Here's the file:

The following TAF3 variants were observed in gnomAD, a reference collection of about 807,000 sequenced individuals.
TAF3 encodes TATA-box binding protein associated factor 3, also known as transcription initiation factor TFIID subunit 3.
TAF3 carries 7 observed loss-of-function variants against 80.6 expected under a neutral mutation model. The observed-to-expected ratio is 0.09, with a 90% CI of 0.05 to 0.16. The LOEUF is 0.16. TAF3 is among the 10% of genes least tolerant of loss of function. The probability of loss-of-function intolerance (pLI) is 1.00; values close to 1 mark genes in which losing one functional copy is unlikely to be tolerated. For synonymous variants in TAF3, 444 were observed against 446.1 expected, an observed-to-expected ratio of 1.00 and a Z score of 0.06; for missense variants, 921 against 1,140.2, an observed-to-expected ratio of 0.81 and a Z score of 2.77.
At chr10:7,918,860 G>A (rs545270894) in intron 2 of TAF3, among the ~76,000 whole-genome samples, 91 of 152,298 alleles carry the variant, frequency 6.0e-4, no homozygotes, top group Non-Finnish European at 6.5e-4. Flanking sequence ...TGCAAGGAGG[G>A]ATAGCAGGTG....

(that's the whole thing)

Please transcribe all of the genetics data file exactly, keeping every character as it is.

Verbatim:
The following TAF3 variants were observed in gnomAD, a reference collection of about 807,000 sequenced individuals.
TAF3 encodes TATA-box binding protein associated factor 3, also known as transcription initiation factor TFIID subunit 3.
TAF3 carries 7 observed loss-of-function variants against 80.6 expected under a neutral mutation model. The observed-to-expected ratio is 0.09, with a 90% CI of 0.05 to 0.16. The LOEUF is 0.16. TAF3 is among the 10% of genes least tolerant of loss of function. The probability of loss-of-function intolerance (pLI) is 1.00; values close to 1 mark genes in which losing one functional copy is unlikely to be tolerated. For synonymous variants in TAF3, 444 were observed against 446.1 expected, an observed-to-expected ratio of 1.00 and a Z score of 0.06; for missense variants, 921 against 1,140.2, an observed-to-expected ratio of 0.81 and a Z score of 2.77.
At chr10:7,918,860 G>A (rs545270894) in intron 2 of TAF3, among the ~76,000 whole-genome samples, 91 of 152,298 alleles carry the variant, frequency 6.0e-4, no homozygotes, top group Non-Finnish European at 6.5e-4. Flanking sequence ...TGCAAGGAGG[G>A]ATAGCAGGTG....